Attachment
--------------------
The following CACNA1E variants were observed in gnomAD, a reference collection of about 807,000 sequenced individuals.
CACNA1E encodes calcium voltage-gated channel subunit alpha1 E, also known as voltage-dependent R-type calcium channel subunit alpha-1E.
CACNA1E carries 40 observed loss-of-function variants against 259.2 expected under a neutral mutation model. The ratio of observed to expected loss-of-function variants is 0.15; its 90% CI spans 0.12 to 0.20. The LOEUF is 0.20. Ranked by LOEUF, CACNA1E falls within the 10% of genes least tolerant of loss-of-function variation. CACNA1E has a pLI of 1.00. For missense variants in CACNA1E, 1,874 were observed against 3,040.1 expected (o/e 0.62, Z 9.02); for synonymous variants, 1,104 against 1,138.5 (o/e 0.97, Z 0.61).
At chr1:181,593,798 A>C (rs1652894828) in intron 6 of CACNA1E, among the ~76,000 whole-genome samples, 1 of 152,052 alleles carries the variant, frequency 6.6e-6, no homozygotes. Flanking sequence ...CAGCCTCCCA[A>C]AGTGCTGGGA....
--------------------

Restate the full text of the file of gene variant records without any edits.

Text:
The following CACNA1E variants were observed in gnomAD, a reference collection of about 807,000 sequenced individuals.
CACNA1E encodes calcium voltage-gated channel subunit alpha1 E, also known as voltage-dependent R-type calcium channel subunit alpha-1E.
CACNA1E carries 40 observed loss-of-function variants against 259.2 expected under a neutral mutation model. The ratio of observed to expected loss-of-function variants is 0.15; its 90% CI spans 0.12 to 0.20. The LOEUF is 0.20. Ranked by LOEUF, CACNA1E falls within the 10% of genes least tolerant of loss-of-function variation. CACNA1E has a pLI of 1.00. For missense variants in CACNA1E, 1,874 were observed against 3,040.1 expected (o/e 0.62, Z 9.02); for synonymous variants, 1,104 against 1,138.5 (o/e 0.97, Z 0.61).
At chr1:181,593,798 A>C (rs1652894828) in intron 6 of CACNA1E, among the ~76,000 whole-genome samples, 1 of 152,052 alleles carries the variant, frequency 6.6e-6, no homozygotes. Flanking sequence ...CAGCCTCCCA[A>C]AGTGCTGGGA....